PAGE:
Tuesday, July 19, 2016

Made to Stick - Reading Notes

This post is a summary of the book Made to Stick by Chip and Dan Heath.

I first wrote about Made to Stick: Why ideas survive and others die in March, 2011. I later included the book on a list of paradigm-changing books in 2015.

The notes below are from my 2011 journal. I have been reviewing my journals for blog post ideas, and I thought this would be a good follow-up to the initial book review.

Chapter 1 - Simple

  • Have one core message stated at the outset.
  • Avoid decision paralysis - don't focus on all options.
  • The message should be compact - like proverbs.
  • Using existing knowledge, add new information with comparison (new movie ideas are compared to other movies).
  • Use metaphors.

Chapter 2 - Unexpected

  • Get people's attention (surprise) and keep it (interest).
  • Expose the part of your message that is "uncommon sense" (surprise, unexpected, twist).
  • Create mystery to sustain attention (for example, wherever there are questions without obvious answers, unexpected journeys).
  • Curiosity is created whenever there is a knowledge gap.
  • Ideas should be provocative but not paralyzing.

Chapter 3 - Concrete

  • Life is not abstract.
  • Concrete language helps people, especially novices, understand new concepts.
  • Teachers take an existing schema and overlay a new layer of abstraction.
  • Concrete is memorable.
  • The more concrete the illustration, the better (more memorable). If an idea can connect with multiple areas of mental processing, the more "sticky" it will be.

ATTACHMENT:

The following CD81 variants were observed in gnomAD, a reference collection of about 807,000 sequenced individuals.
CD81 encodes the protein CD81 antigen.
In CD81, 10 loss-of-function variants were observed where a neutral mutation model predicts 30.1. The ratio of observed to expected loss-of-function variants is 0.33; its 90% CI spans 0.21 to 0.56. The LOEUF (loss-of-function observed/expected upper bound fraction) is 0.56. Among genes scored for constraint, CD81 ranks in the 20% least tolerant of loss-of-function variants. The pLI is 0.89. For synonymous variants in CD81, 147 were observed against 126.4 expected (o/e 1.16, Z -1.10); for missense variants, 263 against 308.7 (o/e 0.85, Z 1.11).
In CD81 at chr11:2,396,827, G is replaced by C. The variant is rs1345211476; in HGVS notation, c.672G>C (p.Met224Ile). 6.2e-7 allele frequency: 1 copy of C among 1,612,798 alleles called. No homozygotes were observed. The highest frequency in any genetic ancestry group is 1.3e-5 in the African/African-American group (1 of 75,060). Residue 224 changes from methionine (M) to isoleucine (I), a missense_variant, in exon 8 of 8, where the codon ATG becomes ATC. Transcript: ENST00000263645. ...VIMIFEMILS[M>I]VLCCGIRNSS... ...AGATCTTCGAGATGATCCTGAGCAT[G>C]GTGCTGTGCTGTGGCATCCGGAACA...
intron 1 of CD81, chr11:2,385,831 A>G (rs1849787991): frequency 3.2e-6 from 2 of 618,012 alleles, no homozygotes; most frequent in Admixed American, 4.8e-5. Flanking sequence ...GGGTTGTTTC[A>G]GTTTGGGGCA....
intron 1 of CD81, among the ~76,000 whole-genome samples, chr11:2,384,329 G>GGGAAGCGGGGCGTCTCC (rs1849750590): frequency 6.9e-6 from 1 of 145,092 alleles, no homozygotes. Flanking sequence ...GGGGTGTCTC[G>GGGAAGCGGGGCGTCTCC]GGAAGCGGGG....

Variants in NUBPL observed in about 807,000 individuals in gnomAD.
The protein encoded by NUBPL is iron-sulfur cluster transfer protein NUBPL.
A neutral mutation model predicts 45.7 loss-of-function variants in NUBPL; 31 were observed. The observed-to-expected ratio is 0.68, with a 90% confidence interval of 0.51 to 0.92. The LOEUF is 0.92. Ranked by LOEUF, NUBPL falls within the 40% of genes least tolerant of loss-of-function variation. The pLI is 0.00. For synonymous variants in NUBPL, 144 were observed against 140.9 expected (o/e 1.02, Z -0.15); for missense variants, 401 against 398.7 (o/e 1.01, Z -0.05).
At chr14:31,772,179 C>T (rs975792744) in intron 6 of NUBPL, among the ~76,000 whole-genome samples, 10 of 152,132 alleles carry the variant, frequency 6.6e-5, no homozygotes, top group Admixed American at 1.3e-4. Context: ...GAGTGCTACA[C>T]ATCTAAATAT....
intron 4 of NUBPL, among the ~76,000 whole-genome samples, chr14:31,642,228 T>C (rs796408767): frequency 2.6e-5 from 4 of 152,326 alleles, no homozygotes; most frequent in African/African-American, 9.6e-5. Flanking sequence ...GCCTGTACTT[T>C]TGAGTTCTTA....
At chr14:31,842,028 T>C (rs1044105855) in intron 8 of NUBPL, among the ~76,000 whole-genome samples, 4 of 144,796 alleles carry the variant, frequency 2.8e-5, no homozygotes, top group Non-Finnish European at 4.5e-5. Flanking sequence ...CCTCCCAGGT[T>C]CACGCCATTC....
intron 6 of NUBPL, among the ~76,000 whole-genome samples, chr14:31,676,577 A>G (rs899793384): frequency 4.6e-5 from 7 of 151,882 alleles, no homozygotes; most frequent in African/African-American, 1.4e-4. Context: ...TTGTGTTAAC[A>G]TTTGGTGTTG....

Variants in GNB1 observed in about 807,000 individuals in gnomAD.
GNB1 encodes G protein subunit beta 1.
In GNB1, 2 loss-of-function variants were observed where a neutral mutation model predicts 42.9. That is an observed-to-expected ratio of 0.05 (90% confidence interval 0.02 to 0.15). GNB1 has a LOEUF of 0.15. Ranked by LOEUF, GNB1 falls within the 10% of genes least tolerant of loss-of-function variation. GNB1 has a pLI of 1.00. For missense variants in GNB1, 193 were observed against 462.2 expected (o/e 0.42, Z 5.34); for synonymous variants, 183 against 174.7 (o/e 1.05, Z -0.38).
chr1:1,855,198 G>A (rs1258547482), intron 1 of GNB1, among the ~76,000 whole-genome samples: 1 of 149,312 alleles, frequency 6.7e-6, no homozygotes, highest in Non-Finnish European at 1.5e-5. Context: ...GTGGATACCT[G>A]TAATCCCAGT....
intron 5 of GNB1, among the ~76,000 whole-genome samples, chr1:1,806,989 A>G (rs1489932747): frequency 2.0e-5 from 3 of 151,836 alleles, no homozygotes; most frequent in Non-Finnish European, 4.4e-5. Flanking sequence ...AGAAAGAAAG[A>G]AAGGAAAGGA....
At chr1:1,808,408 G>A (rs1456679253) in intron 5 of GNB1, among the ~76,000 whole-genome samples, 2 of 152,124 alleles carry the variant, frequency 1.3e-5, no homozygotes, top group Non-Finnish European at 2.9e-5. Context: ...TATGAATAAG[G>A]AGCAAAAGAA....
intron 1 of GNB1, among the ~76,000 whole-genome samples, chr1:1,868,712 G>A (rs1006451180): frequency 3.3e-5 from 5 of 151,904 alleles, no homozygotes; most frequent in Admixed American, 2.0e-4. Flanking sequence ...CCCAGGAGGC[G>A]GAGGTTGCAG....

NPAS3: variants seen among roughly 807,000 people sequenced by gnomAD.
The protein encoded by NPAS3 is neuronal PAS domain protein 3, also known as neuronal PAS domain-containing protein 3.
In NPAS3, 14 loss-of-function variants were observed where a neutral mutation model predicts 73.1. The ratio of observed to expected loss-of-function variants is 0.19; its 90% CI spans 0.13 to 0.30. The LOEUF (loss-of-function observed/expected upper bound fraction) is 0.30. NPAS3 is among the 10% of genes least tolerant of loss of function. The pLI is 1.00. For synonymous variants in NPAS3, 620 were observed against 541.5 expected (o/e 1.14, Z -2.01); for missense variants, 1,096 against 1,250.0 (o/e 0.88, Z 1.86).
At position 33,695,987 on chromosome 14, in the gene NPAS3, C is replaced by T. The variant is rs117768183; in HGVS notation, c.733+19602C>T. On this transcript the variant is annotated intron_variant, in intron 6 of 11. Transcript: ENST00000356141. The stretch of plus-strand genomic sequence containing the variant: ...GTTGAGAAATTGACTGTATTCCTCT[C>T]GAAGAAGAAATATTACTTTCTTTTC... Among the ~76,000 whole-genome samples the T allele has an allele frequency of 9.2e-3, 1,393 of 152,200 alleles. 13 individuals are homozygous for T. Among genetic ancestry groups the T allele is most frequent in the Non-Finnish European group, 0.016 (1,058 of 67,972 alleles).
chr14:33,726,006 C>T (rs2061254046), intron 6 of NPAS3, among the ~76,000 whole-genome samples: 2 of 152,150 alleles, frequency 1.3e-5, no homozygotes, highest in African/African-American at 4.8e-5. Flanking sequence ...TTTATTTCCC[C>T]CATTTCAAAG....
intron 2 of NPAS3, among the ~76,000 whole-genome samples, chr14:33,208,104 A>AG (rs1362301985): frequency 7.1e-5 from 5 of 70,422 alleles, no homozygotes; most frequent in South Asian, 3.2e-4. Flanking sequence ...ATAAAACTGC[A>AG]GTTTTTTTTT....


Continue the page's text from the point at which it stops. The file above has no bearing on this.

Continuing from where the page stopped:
• Simulation is preferred to illustration.
  • Use props because they encourage brainstorming and comprehension.
  • Use specific examples rather than abstract statements.
  • "What the world needs is more fables."

Chapter 4 - Credible

  • Anti-authority - tell stories using real people, situations, and examples.
  • Remember the power of details - specific details make a claim real and more believable.
  • Translate statistics into meaningful, understandable units (1 out of 3 people in the U.S. vs 100,000,000 people in the U.S.).

Chapter 5 - Emotional

  • Focus on the individual - not the population.
  • When presented with charitable needs in Africa, people who read statistics gave less than those who read about a specific child.
  • Feeling and calculating are processed differently with different behaviors.
  • Semantic stretch occurs when an idea is overused (the word "unique" is no longer special).
  • Get self-interest into every headline or presentation. Spell out the benefit of the benefit. 
  • WIIFY = What's in it for you?
  • If people can imagine themselves doing something, they are more likely to actually do it.

Chapter 6 - Stories

  • Stories provide simulation (knowledge about how to act) and inspiration (motivation to act).
  • Stories let the audience mentally test how they would react - the audience is not passive.
  • Simulating past events is more helpful than predicting outcomes.
  • Mental practice done when visualizing a task from start to finish improves performance significantly. 
  • Mental practice produced two-thirds of the benefits of actual physical practice.
  • Stores put knowledge into a framework that is life-life.
  • "We must fight against the temptation to skip directly to the 'tips' and leave out the story."
  • Always be looking for stories to illustrate your content.
  • In a study, 63% of participants remembers stories, but only 5% statistics.

If you found this summary to be informative, I encourage you to buy the book and create your own notes.

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